FAIRCHILD It’s been immediately, like, bam. I’m in a new ballet. Actually, I missed the first day because my toddler was in the E.R. the night before; she had some little bumps removed at the dermatologist’s office, and her eye was burning and we didn’t know what to do. Then I woke up early and gave the wrong amount of medicine to a baby. We were calling poison control at 5:30 a.m. after we’d been at the E.R. Obviously, I need to take a minute. But I recomposed myself. Everyone’s alive and I made it in on Day 2.
FURLAN When things happen, it will be a test: How much of the last year are you actually carrying with you? The lessons we have learned and the ways of coping? And this thing of work-life balance — I think people are seeing how important it is. You have to have a life.
BRADLEY It’s a weird time, and you just can’t depend on New York City Ballet to make you happy or to bring you peace. You’ve got to find it somewhere else. I feel like I’m on my way to being happy that everything worked out, or happy that everything didn’t work out — and then I’ll be somewhere else in five years. Not that I’ve told anyone that like, “My five-year plan is….” [unless] I’m doing things that are pushing me. But performing in the “Diamonds” corps is not really going to do much more for my dancing.
FAIRCHILD We’re all a little bit nervous. We have been waiting this long, and your impulse as a dancer is to think, oh, finally we have these shows to rely on. But I had a moment of real frustration and depression about it. Like damn, even that’s not for sure. And so I rerouted my thinking, and I was like, there’s no end goal this time. This is not about getting to a show. This is about coming in each day and having the opportunity to get to dance and be here with each other.
With rehearsals in full swing, opening night seems within reach.
FURLAN I’m not doing very much this fall season, which I’m a little annoyed about if I’m honest with you, but it’s just how things are working out. So much is up in the air. I try to navigate it, but I get a little crazy in my head. I just want to dance more.
BRADLEY Everybody’s trying to make it to opening night, and it seems like it’s so hard to get there. We’re just hanging in there. Everyone’s exhausted already, but the days are a lot.
FAIRCHILD I didn’t get to take class yesterday because this one [she gestured to one of her twins in our Zoom interview] was sick. I was at the doctor’s office. So I quickly warmed myself up today and did “Serenade,” and then in another rehearsal, I ran Bizet [“Symphony in C”]. I’m like, whoa! I’m doing it. But there was a little bit of me that was stressed and overwhelmed and the repertory director, Katey Tracey, was like, “This isn’t ‘go and be stressed out doing Balanchine.’ It’s ‘go and dance and have fun to this beautiful music.’” I was like, oh.
BRADLEY We had a “Serenade” complete in costume with lights onstage. Oh my gosh. All of the people who’ve done the ballet for years and years were sobbing. It made me tear up, and it was our first time dancing with masks off.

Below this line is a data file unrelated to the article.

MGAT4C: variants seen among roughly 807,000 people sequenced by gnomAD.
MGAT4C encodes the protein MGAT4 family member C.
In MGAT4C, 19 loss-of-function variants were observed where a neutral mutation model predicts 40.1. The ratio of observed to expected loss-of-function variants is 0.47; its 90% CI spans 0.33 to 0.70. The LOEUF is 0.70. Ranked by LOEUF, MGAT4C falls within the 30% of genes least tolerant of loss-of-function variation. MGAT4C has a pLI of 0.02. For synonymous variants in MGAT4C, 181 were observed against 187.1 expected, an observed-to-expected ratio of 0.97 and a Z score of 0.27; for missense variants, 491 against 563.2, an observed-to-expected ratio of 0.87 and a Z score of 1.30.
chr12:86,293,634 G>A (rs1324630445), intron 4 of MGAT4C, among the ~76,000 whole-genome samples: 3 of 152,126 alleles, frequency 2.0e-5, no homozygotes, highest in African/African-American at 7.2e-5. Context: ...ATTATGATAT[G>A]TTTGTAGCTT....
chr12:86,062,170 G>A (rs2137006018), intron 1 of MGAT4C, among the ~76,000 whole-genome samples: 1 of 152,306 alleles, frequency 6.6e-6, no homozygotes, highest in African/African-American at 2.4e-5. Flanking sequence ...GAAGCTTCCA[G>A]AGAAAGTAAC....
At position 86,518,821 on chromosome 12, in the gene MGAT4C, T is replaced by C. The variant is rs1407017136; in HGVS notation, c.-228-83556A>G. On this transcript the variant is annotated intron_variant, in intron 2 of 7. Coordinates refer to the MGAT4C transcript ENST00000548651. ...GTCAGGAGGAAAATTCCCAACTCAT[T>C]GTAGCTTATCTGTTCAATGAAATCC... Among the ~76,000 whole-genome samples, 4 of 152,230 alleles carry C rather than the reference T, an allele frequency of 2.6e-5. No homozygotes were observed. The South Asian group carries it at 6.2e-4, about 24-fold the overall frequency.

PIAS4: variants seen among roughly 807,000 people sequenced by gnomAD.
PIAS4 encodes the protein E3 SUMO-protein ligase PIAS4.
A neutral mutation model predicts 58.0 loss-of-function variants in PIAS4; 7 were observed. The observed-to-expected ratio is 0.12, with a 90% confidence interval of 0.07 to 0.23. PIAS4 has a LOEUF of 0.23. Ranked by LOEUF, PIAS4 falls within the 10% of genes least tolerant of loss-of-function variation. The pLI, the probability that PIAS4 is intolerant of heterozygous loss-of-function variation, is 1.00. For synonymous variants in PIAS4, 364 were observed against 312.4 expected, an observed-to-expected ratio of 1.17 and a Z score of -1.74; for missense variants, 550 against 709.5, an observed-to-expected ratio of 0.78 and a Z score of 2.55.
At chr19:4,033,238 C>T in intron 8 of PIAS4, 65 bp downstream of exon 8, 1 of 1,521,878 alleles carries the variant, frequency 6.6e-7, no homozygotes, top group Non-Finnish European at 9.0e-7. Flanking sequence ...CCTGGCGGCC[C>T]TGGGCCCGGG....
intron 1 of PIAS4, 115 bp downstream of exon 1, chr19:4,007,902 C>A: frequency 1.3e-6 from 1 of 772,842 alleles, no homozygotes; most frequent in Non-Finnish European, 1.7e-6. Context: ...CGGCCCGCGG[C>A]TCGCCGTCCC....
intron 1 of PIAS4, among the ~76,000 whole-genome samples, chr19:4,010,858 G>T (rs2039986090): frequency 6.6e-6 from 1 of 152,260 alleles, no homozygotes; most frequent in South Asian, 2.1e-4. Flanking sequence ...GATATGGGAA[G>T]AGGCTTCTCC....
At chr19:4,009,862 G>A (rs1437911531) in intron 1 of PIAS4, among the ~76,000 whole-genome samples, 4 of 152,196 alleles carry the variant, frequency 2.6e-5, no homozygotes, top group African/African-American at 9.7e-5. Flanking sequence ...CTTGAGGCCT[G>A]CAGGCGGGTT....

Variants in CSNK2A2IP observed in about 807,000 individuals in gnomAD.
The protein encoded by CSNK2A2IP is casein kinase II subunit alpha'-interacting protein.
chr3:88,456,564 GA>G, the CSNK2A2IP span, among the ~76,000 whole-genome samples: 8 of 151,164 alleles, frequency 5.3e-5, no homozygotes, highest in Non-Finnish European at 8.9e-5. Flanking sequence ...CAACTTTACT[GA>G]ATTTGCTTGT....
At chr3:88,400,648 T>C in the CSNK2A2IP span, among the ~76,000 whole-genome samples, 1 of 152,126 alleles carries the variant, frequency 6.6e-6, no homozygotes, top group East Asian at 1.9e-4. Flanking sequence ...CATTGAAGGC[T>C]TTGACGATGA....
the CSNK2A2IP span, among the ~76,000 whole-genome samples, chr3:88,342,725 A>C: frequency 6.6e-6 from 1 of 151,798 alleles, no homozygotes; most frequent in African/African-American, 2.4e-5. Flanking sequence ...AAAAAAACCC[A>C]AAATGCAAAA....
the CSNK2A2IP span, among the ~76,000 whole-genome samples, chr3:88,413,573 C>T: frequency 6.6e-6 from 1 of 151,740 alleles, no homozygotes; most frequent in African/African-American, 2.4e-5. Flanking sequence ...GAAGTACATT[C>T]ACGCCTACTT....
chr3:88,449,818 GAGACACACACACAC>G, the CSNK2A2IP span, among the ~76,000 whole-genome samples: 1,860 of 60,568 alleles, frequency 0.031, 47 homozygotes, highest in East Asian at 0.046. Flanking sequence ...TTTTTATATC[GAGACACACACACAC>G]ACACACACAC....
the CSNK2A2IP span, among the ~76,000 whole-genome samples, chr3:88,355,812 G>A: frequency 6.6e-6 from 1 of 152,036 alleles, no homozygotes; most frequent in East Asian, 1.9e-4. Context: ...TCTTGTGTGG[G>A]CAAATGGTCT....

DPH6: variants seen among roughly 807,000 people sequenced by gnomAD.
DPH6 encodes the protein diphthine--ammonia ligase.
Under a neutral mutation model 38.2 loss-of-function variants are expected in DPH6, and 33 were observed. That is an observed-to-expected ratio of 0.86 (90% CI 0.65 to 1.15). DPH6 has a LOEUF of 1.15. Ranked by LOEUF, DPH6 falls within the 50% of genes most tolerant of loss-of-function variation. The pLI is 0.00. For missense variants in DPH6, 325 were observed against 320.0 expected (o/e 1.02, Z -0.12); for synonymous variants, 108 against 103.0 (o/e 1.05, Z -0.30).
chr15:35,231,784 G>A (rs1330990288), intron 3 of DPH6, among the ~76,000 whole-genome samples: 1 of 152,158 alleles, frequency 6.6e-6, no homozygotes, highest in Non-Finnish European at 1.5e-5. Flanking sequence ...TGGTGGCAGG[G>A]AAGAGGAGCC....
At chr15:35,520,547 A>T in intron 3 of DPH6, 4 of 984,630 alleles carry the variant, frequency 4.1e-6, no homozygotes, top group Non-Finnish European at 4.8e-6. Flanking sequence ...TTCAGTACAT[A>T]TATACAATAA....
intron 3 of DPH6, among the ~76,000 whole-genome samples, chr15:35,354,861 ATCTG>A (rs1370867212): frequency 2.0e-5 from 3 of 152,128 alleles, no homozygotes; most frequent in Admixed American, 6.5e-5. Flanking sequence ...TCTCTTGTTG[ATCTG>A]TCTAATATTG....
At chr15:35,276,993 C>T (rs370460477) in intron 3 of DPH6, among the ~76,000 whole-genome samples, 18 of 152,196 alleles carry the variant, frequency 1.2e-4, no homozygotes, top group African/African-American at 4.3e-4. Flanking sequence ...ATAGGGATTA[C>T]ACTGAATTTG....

FURLAN I was just an understudy in the third cast of [Alexei Ratmansky’s] “Russian Seasons.” It was amazing: I got thrown on in a rehearsal onstage. They were going to run the ballet, and I had never touched Gina [Georgina Pazcoguin, his partner in the dance] before. And it’s wild. In front of everyone, Ratmansky was like, “Jovani’s a star.” Finally, it’s here! I was coming to work very motivated every day, even without having anything to dance the first two weeks. But I’m a much better version of myself when I know I’m going to be onstage.
The day after their first performances, on Sept. 21 (Bradley and Fairchild) and Sept. 22 (Furlan).
BRADLEY I felt so exposed. I’ve been dancing all summer, you know, and it still felt so vulnerable. I think we forgot what it was like to be on that stage. It made time seem so not real. We were sitting in the middle of the pandemic, like, gosh, this is the longest, most depressing time of our lives, and then we made it to last night. I was like — wait, weren’t we just saying that we’d never come back to work? I’m so confused. Where did all of that time go? Did it even happen? It felt unreal. It felt like a fever dream.
FAIRCHILD I didn’t know I had so much emotion. We did the final pose and before the curtain went down — as soon as I heard the audience roar — I just lost it. The emotions of all of this time, it all came out, and I ugly-cried and bawled out loud until we were done with all of the bows. It was ridiculous.
It was just too much to hold it in. The pandemic was frustrating for us, and my pregnancy was very stressful and not easy. When I first got pregnant with twins, some people were expecting me to retire. I kind of got defensive, and I never let myself realize — I never even went there — that this was a big deal until last night. I was like, oh my God, I made it, like, I proved it to myself. I’m proud. I will never forget that show for the rest of my life.
FURLAN I felt the way I felt for my very first show when I was the new guy coming in, like I was just getting my bearings. I wanted to scream “thank you so much” to the people, to the stage, to the theater, to the spirits that are around us. Gratitude for the art form, for Ratmansky’s direction with the ballet, for my partner. To my body for carrying me through a pandemic.
Produced by Alicia DeSantis, Jolie Ruben, Tala Safie, Rachel Saltz, Josephine Sedgwick and Helen Verongos.